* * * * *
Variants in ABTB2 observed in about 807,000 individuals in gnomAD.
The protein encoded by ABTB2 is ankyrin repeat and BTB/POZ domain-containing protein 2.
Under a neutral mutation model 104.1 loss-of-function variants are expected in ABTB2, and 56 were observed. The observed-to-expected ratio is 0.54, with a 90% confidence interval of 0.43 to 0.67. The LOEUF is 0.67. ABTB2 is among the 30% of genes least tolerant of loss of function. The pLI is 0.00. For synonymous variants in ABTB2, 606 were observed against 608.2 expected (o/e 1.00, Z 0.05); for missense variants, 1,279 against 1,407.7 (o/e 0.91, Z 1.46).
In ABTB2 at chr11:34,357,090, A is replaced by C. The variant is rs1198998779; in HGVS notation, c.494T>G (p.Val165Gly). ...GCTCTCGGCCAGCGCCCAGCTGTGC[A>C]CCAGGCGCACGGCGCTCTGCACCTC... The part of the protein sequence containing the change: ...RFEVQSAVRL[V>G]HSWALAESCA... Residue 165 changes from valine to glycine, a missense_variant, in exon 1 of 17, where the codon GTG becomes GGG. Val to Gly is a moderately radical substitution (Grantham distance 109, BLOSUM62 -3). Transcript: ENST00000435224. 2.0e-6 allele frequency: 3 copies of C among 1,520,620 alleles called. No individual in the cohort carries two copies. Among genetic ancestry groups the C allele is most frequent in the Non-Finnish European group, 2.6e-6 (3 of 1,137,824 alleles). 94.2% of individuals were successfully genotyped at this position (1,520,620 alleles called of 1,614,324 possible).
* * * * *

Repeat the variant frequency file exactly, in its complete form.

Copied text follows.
Variants in ABTB2 observed in about 807,000 individuals in gnomAD.
The protein encoded by ABTB2 is ankyrin repeat and BTB/POZ domain-containing protein 2.
Under a neutral mutation model 104.1 loss-of-function variants are expected in ABTB2, and 56 were observed. The observed-to-expected ratio is 0.54, with a 90% confidence interval of 0.43 to 0.67. The LOEUF is 0.67. ABTB2 is among the 30% of genes least tolerant of loss of function. The pLI is 0.00. For synonymous variants in ABTB2, 606 were observed against 608.2 expected (o/e 1.00, Z 0.05); for missense variants, 1,279 against 1,407.7 (o/e 0.91, Z 1.46).
In ABTB2 at chr11:34,357,090, A is replaced by C. The variant is rs1198998779; in HGVS notation, c.494T>G (p.Val165Gly). ...GCTCTCGGCCAGCGCCCAGCTGTGC[A>C]CCAGGCGCACGGCGCTCTGCACCTC... The part of the protein sequence containing the change: ...RFEVQSAVRL[V>G]HSWALAESCA... Residue 165 changes from valine to glycine, a missense_variant, in exon 1 of 17, where the codon GTG becomes GGG. Val to Gly is a moderately radical substitution (Grantham distance 109, BLOSUM62 -3). Transcript: ENST00000435224. 2.0e-6 allele frequency: 3 copies of C among 1,520,620 alleles called. No individual in the cohort carries two copies. Among genetic ancestry groups the C allele is most frequent in the Non-Finnish European group, 2.6e-6 (3 of 1,137,824 alleles). 94.2% of individuals were successfully genotyped at this position (1,520,620 alleles called of 1,614,324 possible).